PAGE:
Dir.: Clive Barker
Producer(s): Christopher Figg
Writer(s): Clive Barker (screenplay), The Hellbound Heart (novel) by Barker
Company: Film Futures, Entertainment Film Distributors
Starring: Andrew Robinson, Clare Higgins, Ashley Laurence, Doug Bradley
A “bankruptcy of imagination” is how film critic Roger Ebert described this film. And yes, Ebert definitely had a love/hate relationship when it came to criticizing horror films. Some films he loved/liked/enjoyed such as Jaws, The Blair Witch Project, Paranormal Activity, Let Me In, The Cabin in the Woods, Drag Me to Hell, The Shining and much more but the other end of the coin is not enjoying some horror cult films/classics to some like Wolf Creek, Saw (like really??), Cabin Fever, The Craft (it got 2 stars, oh that hurts), John Carpenter’s The Thing and of course this film, Hellraiser.
I like Hellraiser. No, I love Hellraiser. I think it’s fun and it’s different and brings a new element or sub genre into this which is this weird BDSM, love is pain or showing you how I love you is unconventional aspect into horror.
Is it a perfect movie? No. There are some moments in the film where I’m very confused or wondering why they did what they did and it’s too late, can’t change it but it is what it is. I would have rated it a little higher than the sad 1/1 and a half star review that Ebert gave it (ouch, but I can see why he gave it that) but this is not about him. This is about the filmmaking behind Hellraiser.
I have the 20th Anniversary dvd of Hellraiser and I enjoy watching and listening to commentary (if there is commentary), which there is with Barker, Laurence and the composer of the film Christopher Young. What I liked is hearing from Barker’s point of view, his influences (a lot of which are Dario Argento which you can see in the film), how and why he did what he did as in special effects, explaining nuggets here and there that we as the audience would miss out on and if you haven’t heard or “watched” it, I’d recommend you do so.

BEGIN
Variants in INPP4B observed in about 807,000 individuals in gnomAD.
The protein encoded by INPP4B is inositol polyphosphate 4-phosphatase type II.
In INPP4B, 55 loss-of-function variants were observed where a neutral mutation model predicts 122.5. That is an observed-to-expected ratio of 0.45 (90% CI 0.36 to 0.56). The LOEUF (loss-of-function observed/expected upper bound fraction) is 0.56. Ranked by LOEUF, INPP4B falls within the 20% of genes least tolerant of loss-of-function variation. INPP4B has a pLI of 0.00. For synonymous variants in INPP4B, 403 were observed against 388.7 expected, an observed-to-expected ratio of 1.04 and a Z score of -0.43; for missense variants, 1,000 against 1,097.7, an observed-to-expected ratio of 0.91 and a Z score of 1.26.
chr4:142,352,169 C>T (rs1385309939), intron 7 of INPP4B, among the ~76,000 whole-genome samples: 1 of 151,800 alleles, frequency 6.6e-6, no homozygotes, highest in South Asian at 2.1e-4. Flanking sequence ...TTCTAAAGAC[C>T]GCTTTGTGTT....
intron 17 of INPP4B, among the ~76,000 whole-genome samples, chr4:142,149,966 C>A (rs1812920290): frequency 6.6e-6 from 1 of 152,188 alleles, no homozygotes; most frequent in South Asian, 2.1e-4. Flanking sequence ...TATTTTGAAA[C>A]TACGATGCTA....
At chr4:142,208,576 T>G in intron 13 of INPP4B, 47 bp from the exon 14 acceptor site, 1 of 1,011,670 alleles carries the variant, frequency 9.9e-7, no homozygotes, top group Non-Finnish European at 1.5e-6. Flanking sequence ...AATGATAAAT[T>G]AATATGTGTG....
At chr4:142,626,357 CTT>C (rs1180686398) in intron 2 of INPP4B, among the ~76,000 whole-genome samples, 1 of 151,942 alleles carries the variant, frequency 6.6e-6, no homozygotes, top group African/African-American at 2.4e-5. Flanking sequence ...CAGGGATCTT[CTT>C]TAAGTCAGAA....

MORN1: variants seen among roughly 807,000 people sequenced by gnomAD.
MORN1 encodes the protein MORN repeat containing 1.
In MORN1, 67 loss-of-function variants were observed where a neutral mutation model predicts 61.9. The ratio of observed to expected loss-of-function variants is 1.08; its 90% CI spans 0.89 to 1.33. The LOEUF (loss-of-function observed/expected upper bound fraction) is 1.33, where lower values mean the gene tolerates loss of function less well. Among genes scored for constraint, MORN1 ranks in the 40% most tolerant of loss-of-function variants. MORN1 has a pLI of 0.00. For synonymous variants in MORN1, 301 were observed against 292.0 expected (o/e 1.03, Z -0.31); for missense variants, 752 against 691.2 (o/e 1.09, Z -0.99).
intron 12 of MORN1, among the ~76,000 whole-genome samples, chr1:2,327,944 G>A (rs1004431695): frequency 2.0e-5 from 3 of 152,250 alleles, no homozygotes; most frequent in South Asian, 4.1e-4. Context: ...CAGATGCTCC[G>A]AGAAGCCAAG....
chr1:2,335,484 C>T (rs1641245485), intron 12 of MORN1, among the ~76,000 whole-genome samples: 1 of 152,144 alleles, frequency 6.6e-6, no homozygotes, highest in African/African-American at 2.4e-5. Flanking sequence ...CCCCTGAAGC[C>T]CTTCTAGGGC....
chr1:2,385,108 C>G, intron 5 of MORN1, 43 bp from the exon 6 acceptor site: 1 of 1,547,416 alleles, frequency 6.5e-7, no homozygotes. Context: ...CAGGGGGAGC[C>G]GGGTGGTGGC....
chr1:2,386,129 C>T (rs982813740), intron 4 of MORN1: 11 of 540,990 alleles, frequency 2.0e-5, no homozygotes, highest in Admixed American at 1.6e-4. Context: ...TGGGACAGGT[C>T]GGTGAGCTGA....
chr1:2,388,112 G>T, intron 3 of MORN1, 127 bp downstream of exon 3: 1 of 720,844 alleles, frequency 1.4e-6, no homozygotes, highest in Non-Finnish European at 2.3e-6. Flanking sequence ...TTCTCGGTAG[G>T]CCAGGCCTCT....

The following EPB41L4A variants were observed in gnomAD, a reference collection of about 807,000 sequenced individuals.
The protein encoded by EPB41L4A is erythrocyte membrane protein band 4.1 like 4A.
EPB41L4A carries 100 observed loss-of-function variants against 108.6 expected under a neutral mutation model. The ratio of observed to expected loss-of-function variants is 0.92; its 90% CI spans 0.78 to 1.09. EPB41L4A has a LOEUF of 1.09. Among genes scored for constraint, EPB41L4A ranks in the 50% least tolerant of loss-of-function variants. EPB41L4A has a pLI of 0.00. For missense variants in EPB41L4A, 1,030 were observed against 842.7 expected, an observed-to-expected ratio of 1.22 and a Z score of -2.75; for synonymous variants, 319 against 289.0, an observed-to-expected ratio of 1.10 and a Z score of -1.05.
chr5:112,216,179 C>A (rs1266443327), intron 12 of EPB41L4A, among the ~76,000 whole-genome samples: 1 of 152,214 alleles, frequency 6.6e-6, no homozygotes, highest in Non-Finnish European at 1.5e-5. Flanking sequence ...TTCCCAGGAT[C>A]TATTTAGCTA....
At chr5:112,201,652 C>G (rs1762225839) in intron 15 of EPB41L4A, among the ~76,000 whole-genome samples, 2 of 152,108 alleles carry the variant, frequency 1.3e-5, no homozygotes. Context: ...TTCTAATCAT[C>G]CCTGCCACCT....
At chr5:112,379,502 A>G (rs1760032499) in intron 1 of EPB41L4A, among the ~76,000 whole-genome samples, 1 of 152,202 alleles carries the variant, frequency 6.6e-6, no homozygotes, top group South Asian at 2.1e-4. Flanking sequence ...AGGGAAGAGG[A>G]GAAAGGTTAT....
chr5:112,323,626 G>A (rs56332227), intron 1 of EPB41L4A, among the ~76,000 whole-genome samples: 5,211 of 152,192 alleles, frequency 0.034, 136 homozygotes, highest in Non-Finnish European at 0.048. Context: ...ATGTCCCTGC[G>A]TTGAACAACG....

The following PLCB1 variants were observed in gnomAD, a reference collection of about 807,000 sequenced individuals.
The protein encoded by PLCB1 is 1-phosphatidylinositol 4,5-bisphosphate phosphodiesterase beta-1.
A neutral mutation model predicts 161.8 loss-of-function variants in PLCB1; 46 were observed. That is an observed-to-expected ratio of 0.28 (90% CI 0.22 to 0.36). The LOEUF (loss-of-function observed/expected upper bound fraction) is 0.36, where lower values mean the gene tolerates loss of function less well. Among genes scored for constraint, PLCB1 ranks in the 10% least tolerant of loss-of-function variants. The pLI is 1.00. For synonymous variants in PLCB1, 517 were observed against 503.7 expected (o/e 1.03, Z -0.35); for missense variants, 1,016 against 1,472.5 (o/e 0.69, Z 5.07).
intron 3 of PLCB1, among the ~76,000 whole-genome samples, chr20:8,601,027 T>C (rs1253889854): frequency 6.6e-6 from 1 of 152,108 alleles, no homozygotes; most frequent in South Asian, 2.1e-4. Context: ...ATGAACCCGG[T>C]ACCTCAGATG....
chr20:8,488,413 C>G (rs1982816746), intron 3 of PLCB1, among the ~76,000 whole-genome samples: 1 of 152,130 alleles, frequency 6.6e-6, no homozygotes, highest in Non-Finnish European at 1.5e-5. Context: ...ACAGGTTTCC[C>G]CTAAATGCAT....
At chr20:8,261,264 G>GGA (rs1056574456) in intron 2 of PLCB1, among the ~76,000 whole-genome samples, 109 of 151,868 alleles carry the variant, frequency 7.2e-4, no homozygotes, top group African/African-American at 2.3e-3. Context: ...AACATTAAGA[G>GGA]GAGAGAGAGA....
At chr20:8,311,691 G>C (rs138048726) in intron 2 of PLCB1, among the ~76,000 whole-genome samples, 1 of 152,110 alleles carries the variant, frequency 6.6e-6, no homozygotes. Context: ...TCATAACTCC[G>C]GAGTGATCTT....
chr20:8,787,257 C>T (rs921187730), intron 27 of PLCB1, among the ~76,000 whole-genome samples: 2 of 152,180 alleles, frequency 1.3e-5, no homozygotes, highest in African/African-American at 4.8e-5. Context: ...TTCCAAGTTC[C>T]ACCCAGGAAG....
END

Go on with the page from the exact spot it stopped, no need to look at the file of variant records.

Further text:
The biggest takeaway for me when Hellraiser is playing is that the decision to basically bathe the Cenobites in light is… beautiful. That’s the only way I can describe it. When it comes to monsters, we tend to hide them in the darkness (A Nightmare on Elm Street, Friday the 13th, John Carpenter’s The Fog) but we it’s not common to basically have them in the forefront, looking disgusting and covered in blood and brightly lit where we can see everything they have to offer.
Besides that, there are some great up close shots and focal points that I enjoy as well. The story itself I enjoyed too, this family drama being circled around darkness and Cenobites and you ask yourself who is really the villain in this? In Hellraiser, you’d think it’s the Cenobites because we are conditioned to think that anything or anyone “supernatural” is the baddie and yes, they are the villains but like the “B” villains. The “A” villains are human monsters in the form of Frank and Julia Cotton.
Those are the villains, they are the bad guys, we aren’t rooting for them. We’re barely rooting for Kirsty to make it out alive. We’re rooting for the Cenobites to come in and showcase what they are and what they can do.
The visuals are great.
The gore is great.
The special effects aren’t bad either. I love the look of the Cenobites, all are distinct and unique into themselves. The transformation of Frank is great is well.
Like I said in the beginning of this post, I wonder what Ebert saw (or didn’t) when he was reviewing this film. I see some faults with it because it’s not perfect at all and I have accepted that. I think there are better handfuls that make the movie fun and work than negative parts about it… like what the hell is that ending with that flying demon… thing at the end? Like. WHAT. And why are seeing it from its point of view?
And the boyfriend was kind of useless too.
And that’s all I’m going to say.